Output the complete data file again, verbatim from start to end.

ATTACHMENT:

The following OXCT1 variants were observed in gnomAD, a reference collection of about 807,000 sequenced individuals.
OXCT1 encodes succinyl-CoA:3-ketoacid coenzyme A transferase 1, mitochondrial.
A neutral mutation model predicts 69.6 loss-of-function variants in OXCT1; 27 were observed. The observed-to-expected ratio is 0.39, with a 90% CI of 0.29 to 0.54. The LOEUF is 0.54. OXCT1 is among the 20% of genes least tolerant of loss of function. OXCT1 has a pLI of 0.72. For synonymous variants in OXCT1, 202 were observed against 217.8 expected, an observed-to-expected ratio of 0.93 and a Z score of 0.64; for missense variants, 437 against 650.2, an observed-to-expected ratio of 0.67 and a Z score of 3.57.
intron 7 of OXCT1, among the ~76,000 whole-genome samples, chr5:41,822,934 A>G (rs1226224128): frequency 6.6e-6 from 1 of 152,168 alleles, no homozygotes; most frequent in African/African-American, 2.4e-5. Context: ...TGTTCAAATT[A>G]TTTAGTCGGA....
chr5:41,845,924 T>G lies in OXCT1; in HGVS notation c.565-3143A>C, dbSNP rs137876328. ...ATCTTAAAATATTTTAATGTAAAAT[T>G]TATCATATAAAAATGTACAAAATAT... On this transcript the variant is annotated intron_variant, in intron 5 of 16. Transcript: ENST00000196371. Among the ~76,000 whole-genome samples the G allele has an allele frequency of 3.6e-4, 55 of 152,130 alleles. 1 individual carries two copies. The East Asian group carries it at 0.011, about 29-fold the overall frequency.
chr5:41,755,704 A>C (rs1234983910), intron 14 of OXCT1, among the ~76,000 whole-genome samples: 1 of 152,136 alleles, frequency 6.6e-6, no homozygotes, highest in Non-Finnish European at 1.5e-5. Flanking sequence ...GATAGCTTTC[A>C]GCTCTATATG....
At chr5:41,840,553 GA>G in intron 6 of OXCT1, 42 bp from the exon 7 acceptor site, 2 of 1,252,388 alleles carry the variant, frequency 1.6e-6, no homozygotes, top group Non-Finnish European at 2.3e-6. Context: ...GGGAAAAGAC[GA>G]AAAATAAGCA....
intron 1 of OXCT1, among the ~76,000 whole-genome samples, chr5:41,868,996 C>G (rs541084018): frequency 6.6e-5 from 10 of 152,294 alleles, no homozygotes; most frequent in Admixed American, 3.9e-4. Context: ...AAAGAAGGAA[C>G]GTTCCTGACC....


The following OXCT1 variants were observed in gnomAD, a reference collection of about 807,000 sequenced individuals.
OXCT1 encodes succinyl-CoA:3-ketoacid coenzyme A transferase 1, mitochondrial.
A neutral mutation model predicts 69.6 loss-of-function variants in OXCT1; 27 were observed. The observed-to-expected ratio is 0.39, with a 90% CI of 0.29 to 0.54. The LOEUF is 0.54. OXCT1 is among the 20% of genes least tolerant of loss of function. OXCT1 has a pLI of 0.72. For synonymous variants in OXCT1, 202 were observed against 217.8 expected, an observed-to-expected ratio of 0.93 and a Z score of 0.64; for missense variants, 437 against 650.2, an observed-to-expected ratio of 0.67 and a Z score of 3.57.
intron 7 of OXCT1, among the ~76,000 whole-genome samples, chr5:41,822,934 A>G (rs1226224128): frequency 6.6e-6 from 1 of 152,168 alleles, no homozygotes; most frequent in African/African-American, 2.4e-5. Context: ...TGTTCAAATT[A>G]TTTAGTCGGA....
chr5:41,845,924 T>G lies in OXCT1; in HGVS notation c.565-3143A>C, dbSNP rs137876328. ...ATCTTAAAATATTTTAATGTAAAAT[T>G]TATCATATAAAAATGTACAAAATAT... On this transcript the variant is annotated intron_variant, in intron 5 of 16. Transcript: ENST00000196371. Among the ~76,000 whole-genome samples the G allele has an allele frequency of 3.6e-4, 55 of 152,130 alleles. 1 individual carries two copies. The East Asian group carries it at 0.011, about 29-fold the overall frequency.
chr5:41,755,704 A>C (rs1234983910), intron 14 of OXCT1, among the ~76,000 whole-genome samples: 1 of 152,136 alleles, frequency 6.6e-6, no homozygotes, highest in Non-Finnish European at 1.5e-5. Flanking sequence ...GATAGCTTTC[A>C]GCTCTATATG....
At chr5:41,840,553 GA>G in intron 6 of OXCT1, 42 bp from the exon 7 acceptor site, 2 of 1,252,388 alleles carry the variant, frequency 1.6e-6, no homozygotes, top group Non-Finnish European at 2.3e-6. Context: ...GGGAAAAGAC[GA>G]AAAATAAGCA....
intron 1 of OXCT1, among the ~76,000 whole-genome samples, chr5:41,868,996 C>G (rs541084018): frequency 6.6e-5 from 10 of 152,294 alleles, no homozygotes; most frequent in Admixed American, 3.9e-4. Context: ...AAAGAAGGAA[C>G]GTTCCTGACC....